Guest Writer for Wake Up World
Do your child’s public tantrums leave you hesitant to go to the grocery store? You’ve probably noticed by now that the words “calm down” do little to relax an overwrought toddler.
If you want a less stressful parenting experience, teaching your children to identify and manage their feelings is vital. Here are eight smart ways to teach your children emotional regulation and help them succeed in life.
1. Work It Out
People often talk about the fight-or-flight response to stress, but in reality, folks respond to perceived threats in one of four ways: fight, flight, freeze or fawn. You probably employ the freeze response when receiving a workplace reprimand — it’s similar to how a rabbit plays dead in hopes that an inescapable hungry wolf decides it prefers fresh meat.
If you watch that bunny once the danger passes, you’ll see it start to shake. It does so to dispel the nervous energy that comes from the neurotransmitter and hormonal cocktail the body releases under stress. In humans, these substances can lead to erratic and frustrating behavior — like tantrums.
Take a hint from the rabbit and encourage physical activity to help your little one release overwhelming emotions. Play gives your child a non-destructive way to dissipate their nervous energy instead of breaking or destroying things. Make the playground your second home, and let your toddlers run, skip and jump.
2. Act It Out
Guess what? Playing charades doubles as physical activity. It also provides an outlet for your children to understand their emotions and express them in healthy ways.
Why not invest in a feelings chart or print a free one online and use it for your game? Select an emotion and have your child act out how someone experiencing it would behave. Use the teachable moments that arise to say things like, “Is there a better way to express anger besides throwing things?”
3. Puppet Play
When your child has to manage “big feels,” it might help to use toys to process their emotions. Break out their dolls or make some simple puppets so that they can act out whatever is upsetting them through surrogate play.
As your child to perform their play for you. After the show, discuss ways that the characters could handle their emotions differently.
4. Shake It Up
As a grownup, you know how challenging it is to make decisions when you feel emotional. Children don’t automatically recognize how their feelings cloud their judgment. Show them with this activity.
Take a jar and fill it with water and confetti. Shake it up like a snow globe, explaining to your child that powerful emotions make their brain murky like the liquid in the container. Watch the confetti gradually settle while explaining how pausing instead of reacting impulsively to feelings can lead to better choices.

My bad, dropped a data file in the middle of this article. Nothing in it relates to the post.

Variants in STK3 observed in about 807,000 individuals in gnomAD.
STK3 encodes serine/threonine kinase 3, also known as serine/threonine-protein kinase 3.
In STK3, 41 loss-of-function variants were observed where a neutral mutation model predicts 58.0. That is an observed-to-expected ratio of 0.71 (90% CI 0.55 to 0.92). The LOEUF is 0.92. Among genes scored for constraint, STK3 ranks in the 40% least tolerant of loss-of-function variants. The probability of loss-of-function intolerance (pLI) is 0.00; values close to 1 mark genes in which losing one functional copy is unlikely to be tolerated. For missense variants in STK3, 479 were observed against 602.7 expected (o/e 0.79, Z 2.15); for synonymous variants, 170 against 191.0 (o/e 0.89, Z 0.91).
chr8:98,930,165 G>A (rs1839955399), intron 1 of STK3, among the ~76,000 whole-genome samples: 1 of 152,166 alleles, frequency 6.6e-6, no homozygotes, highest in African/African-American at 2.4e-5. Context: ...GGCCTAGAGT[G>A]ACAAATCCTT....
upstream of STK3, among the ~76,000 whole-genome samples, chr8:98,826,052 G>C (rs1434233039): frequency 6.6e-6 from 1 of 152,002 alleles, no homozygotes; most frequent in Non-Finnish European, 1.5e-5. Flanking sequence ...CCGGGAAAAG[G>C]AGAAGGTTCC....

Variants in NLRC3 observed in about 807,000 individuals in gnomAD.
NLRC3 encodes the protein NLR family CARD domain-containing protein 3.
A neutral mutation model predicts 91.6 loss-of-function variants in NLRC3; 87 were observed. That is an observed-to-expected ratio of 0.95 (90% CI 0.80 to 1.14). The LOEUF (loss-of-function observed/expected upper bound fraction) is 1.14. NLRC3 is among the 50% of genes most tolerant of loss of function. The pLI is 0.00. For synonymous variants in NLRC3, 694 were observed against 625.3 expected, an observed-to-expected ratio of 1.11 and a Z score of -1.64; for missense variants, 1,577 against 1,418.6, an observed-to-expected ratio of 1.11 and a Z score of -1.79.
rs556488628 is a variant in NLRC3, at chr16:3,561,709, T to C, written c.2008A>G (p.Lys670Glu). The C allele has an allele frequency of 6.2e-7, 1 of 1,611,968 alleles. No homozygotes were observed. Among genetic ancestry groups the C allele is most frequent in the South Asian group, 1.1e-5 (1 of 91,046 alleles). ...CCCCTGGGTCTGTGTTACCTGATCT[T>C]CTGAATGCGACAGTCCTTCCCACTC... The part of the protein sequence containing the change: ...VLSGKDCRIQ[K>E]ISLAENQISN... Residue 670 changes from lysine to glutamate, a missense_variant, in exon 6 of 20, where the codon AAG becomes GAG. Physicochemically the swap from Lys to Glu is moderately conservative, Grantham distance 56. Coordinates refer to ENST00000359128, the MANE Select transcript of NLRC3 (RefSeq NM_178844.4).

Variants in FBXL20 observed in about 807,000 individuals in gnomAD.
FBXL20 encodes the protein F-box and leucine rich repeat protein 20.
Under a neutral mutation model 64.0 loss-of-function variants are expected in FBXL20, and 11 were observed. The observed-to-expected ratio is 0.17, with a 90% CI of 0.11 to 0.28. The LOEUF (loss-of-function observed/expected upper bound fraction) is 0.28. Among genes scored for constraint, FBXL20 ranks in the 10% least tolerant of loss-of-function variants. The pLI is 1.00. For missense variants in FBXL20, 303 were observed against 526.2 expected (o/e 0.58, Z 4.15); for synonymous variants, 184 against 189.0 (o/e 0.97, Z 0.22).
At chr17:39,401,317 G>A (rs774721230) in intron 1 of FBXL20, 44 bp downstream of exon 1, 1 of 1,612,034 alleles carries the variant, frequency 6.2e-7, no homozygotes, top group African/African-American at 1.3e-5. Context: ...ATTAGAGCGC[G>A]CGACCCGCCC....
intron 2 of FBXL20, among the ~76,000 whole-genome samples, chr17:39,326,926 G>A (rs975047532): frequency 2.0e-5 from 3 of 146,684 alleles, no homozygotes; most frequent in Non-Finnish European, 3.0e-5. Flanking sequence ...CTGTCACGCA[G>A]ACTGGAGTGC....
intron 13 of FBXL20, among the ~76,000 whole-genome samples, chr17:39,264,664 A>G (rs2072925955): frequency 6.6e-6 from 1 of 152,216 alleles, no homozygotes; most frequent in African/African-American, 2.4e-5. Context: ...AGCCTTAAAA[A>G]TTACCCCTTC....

5. Write a Note
You can’t take back hurtful words once you speak them. You also don’t want your child to learn this lesson the hard way.
To remind them to be gentle with others, have them write a note full of mean words the next time they get angry, then crumple it up. Ask them to straighten out the letter, observing how it never goes back to its previous smoothness. Explain that other people’s emotions are like the paper when you say something mean — you can apologize, but you still leave a wound.
6. Count to Ten
Psychologist and Holocaust survivor Viktor Frankl describes genuine freedom as the pause between an external stimulus and how you choose to react to it. However, human beings are wired to interact with the world around them — you have to train your children to stop and think before responding.
Whenever you see your child about to act impulsively, remind them to stop and count to ten. Better yet, let them see you model this behavior when you feel ready to snap in frustration — kids imitate what you do far more than they follow the words you say.
7. Darth Vader Breath
If you tell your 2-year-old, “practice ujjayi breathing,” they’ll probably look at you like you have lobsters for ears. What?
Yoga techniques work for all ages, but you have to make them kid-friendly. Introduce your children to how deep breathing can calm anxious feelings by having them take Darth Vader breaths, inhaling deeply, then releasing a long, echoing exhale.
8. Pillow Talk
Even as an adult, you undoubtedly experience times when you feel like you need to scream or throw something to keep from going insane. Your children can become just as overwhelmed with powerful emotions, and they don’t have the impulse control you do.
However, you have to teach them that it isn’t okay to vent in ways that can hurt other people. Instead, have them grab a pillow and scream into it as loud as they wish, pressing it to their face to keep the neighbors from worrying. If the mood strikes, a spontaneous pillow fight is another way to blow off steam without causing harm, although you might have to vacuum some flying feathers afterward.
Teach Your Children Emotional Regulation These Eight Smart Ways
Learning emotional regulation is critical to your child’s ultimate success in life — and helps you stay sane as a parent. Please use these eight smart methods to help your little one deal with their feelings.
Also by Kara Reynolds:
- Why We Should All Care About Black Maternal Health
- 6 Ways We Can Teach Future Generations About Sustainable Living
- How I Eased My Postpartum Anxiety
- 8 Gentle Ways to Slowly Remove Sugar in Your Diet
- How Neurotypical Parents Can Support Neurodivergent Children
About the author:
Kara Reynolds is the Editor-in-Chief and founder of Momish Magazine. Mom, stepmom, and wife – Kara wants to normalize big blended families. She enjoys pilates, peanut butter, and pinot grigio – but not at the same time.